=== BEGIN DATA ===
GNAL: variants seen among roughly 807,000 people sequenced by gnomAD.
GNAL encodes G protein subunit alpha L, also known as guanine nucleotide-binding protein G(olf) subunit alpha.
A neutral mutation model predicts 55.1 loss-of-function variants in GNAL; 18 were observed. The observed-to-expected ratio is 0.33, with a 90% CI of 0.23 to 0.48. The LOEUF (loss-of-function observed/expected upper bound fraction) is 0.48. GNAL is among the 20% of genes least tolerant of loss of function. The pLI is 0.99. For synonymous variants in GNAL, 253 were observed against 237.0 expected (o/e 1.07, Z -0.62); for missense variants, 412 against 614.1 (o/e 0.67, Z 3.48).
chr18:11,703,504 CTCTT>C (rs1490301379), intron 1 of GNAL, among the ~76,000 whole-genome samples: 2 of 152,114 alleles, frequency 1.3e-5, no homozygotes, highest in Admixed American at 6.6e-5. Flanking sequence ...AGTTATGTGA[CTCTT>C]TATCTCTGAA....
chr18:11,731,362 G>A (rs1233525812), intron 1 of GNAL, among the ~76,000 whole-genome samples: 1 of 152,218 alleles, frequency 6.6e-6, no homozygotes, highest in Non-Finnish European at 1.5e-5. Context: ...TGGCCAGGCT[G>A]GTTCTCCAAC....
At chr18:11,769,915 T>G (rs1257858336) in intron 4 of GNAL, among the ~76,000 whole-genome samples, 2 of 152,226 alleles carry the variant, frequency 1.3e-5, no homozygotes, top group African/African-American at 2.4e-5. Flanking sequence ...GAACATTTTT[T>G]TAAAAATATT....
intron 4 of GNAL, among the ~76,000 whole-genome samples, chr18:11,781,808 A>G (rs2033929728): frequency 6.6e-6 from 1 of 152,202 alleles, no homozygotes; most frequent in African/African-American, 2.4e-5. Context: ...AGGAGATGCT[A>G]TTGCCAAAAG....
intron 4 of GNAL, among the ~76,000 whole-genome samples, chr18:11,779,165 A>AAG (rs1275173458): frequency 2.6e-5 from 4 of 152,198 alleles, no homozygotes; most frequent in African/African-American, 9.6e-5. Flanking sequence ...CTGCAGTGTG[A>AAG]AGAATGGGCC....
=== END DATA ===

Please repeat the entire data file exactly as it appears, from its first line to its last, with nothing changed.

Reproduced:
GNAL: variants seen among roughly 807,000 people sequenced by gnomAD.
GNAL encodes G protein subunit alpha L, also known as guanine nucleotide-binding protein G(olf) subunit alpha.
A neutral mutation model predicts 55.1 loss-of-function variants in GNAL; 18 were observed. The observed-to-expected ratio is 0.33, with a 90% CI of 0.23 to 0.48. The LOEUF (loss-of-function observed/expected upper bound fraction) is 0.48. GNAL is among the 20% of genes least tolerant of loss of function. The pLI is 0.99. For synonymous variants in GNAL, 253 were observed against 237.0 expected (o/e 1.07, Z -0.62); for missense variants, 412 against 614.1 (o/e 0.67, Z 3.48).
chr18:11,703,504 CTCTT>C (rs1490301379), intron 1 of GNAL, among the ~76,000 whole-genome samples: 2 of 152,114 alleles, frequency 1.3e-5, no homozygotes, highest in Admixed American at 6.6e-5. Flanking sequence ...AGTTATGTGA[CTCTT>C]TATCTCTGAA....
chr18:11,731,362 G>A (rs1233525812), intron 1 of GNAL, among the ~76,000 whole-genome samples: 1 of 152,218 alleles, frequency 6.6e-6, no homozygotes, highest in Non-Finnish European at 1.5e-5. Context: ...TGGCCAGGCT[G>A]GTTCTCCAAC....
At chr18:11,769,915 T>G (rs1257858336) in intron 4 of GNAL, among the ~76,000 whole-genome samples, 2 of 152,226 alleles carry the variant, frequency 1.3e-5, no homozygotes, top group African/African-American at 2.4e-5. Flanking sequence ...GAACATTTTT[T>G]TAAAAATATT....
intron 4 of GNAL, among the ~76,000 whole-genome samples, chr18:11,781,808 A>G (rs2033929728): frequency 6.6e-6 from 1 of 152,202 alleles, no homozygotes; most frequent in African/African-American, 2.4e-5. Context: ...AGGAGATGCT[A>G]TTGCCAAAAG....
intron 4 of GNAL, among the ~76,000 whole-genome samples, chr18:11,779,165 A>AAG (rs1275173458): frequency 2.6e-5 from 4 of 152,198 alleles, no homozygotes; most frequent in African/African-American, 9.6e-5. Flanking sequence ...CTGCAGTGTG[A>AAG]AGAATGGGCC....